• Take the time to list the reasons you need the tools.
  • Share the reasons with administrators.
  • Create a petition and enlist the support of like-minded educators.
  • Explain the need for a person to be the administrator of the computers on which the tools will be used and volunteer to be that person.
  • Cultivate a relationship with the people in “power” over technology and access to resources.

I would add to this list:

  • Do your research. Administrators generally love data. Be able to support your ideas with evidence.
  • Educate the leaders at the top of the hierarchy. Show what other schools are doing. Teach them the tools and encourage them to try them out. I know from experience how powerful this can be.
  • Emphasize the cost-effectiveness of your ideas. The tools are free, but will require some costs in terms of servers, support, etc. Regardless, they are certainly more efficient than many pay-for-use tools.
  • If those in charge are reluctant, emphasize the ability to create resources whose use and access is totally controlled by the school/district.

Want More Information?

I plan to be experimenting with the tool in the coming months, and I will be sharing my thoughts and experiences here. In the meantime, if anyone is curious enough, you can learn a great deal through Miguel’s writings on his blog and elsewhere. I’ve also found him to be very willing to offer insights and answer questions through Twitter ( Additionally, Moodle has a very active community of users, and you can tap into this community through the Moodle forums at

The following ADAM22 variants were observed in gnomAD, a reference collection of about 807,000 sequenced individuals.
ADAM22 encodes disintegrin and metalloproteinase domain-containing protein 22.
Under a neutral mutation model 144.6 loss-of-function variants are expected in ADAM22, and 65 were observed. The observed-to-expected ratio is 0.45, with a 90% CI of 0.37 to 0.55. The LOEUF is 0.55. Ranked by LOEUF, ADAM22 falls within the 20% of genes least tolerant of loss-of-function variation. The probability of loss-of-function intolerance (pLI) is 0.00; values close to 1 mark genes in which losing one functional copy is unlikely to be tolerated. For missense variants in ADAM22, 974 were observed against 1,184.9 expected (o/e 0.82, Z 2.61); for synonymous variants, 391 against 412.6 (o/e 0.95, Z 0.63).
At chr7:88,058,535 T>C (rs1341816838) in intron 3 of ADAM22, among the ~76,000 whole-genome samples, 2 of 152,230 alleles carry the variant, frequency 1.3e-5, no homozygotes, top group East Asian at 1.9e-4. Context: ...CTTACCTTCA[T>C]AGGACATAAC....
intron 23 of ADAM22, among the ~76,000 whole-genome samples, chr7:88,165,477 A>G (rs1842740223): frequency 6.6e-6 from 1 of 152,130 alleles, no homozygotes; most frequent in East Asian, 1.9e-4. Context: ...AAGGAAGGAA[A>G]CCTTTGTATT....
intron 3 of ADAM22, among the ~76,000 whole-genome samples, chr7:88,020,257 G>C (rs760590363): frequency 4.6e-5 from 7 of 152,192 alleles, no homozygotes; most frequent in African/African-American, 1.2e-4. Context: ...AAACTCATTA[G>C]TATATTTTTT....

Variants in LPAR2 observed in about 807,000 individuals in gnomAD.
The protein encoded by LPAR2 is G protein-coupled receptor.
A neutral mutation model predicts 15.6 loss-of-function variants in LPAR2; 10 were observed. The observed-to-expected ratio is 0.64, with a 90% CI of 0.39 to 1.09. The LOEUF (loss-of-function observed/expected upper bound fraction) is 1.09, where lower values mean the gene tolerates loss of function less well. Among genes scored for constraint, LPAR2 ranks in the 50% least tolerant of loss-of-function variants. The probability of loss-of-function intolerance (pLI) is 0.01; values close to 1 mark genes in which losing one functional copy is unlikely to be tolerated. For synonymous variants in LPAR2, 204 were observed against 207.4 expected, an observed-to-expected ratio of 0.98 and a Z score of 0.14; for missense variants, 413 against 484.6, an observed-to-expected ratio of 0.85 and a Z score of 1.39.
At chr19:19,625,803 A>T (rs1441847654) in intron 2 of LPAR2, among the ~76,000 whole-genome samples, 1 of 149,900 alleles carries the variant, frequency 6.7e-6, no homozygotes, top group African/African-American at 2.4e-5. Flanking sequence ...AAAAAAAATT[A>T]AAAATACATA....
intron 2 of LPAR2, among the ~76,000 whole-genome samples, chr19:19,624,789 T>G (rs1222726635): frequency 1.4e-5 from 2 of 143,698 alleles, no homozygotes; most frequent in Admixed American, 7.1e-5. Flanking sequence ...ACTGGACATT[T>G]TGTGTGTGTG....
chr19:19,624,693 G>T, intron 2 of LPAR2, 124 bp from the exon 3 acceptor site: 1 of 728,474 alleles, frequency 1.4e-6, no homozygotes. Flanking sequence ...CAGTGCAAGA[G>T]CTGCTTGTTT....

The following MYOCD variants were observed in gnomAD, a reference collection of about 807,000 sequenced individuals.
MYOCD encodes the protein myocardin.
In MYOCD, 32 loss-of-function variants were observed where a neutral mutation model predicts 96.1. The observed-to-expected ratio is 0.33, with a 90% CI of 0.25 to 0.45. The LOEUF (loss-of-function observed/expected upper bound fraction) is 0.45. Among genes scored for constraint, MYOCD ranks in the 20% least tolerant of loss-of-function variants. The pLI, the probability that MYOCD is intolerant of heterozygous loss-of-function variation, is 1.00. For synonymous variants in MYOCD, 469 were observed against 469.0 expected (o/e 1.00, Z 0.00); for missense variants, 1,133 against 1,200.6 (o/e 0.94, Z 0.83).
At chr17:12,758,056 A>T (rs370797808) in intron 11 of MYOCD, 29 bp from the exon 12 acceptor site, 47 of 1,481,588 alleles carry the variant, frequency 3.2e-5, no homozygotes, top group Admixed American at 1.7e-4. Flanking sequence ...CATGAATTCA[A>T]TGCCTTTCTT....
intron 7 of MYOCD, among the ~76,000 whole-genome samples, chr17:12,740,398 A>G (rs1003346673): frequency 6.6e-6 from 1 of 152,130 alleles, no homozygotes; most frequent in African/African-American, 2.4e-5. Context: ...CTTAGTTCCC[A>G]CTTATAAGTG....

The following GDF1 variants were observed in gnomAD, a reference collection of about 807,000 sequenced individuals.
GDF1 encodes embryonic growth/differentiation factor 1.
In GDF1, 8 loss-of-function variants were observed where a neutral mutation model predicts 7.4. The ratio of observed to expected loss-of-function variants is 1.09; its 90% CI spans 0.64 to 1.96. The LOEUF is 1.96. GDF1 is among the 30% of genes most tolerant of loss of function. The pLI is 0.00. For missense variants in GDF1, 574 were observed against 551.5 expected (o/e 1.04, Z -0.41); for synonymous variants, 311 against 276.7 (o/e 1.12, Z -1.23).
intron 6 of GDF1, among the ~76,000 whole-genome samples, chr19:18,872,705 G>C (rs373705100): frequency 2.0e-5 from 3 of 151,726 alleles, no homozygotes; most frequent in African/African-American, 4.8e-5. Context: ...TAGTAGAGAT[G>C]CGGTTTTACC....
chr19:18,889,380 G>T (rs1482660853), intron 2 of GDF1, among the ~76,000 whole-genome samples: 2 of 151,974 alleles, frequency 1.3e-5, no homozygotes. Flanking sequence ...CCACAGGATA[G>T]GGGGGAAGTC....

BISD 12 Second Tech Challenge #11!

We’re getting down to crunch time. The big prizes will be announced next week, but for now, intrinsic motivation will have to do! For today’s challenge, you’ll need to create your own blog, using the site Now, before you click back to the Cartoon Network site just yet, hear me out for a second.

BISD 12 Second Tech Challenge #11 on

Posterous is a site I recently shared that allows users to post using just an email message, even one that includes pictures or videos. You can even read and reply to comments via email. Accounts are free, of course, and you can blog about anything you like to talk about: family, sports, work, children, movies, food, etc. I want you to see how addictive they can be, and the best way to ensure that is to write about what you know and care about. Just be sure to share your blog’s address here once it’s set up!

Blogging, Revisited

Why We Need to Be Blogging

First of all, I’ll admit the obvious–I am biased. Blogging has become something that I cannot imagine doing without. It has given me a creative outlet, challenged me to test the validity of my ideas and educational beliefs, and expanded my network of peers. It has met and exceeded my expectations. The platform has continued to become more powerful, as well, giving me and my readers new and exciting ways to interact, such as threaded comments, video and audio comments, etc. It is enjoyable, challenging, and very, very rewarding. Blogging has become entrenched in society, with over 184 million users creating blogs worldwide, ever-increasing readership, and a continual move into more traditional mediums, such as newspapers, television stations, etc. The video below, by Rachel Boyd, does a great job of illustrating some of the benefits of blogging.

For these reasons and more, our students and teachers need to be both readers and creators of blogs. They are powerful tools for reflection, outlets for creativity, and foster critical reading and writing skills.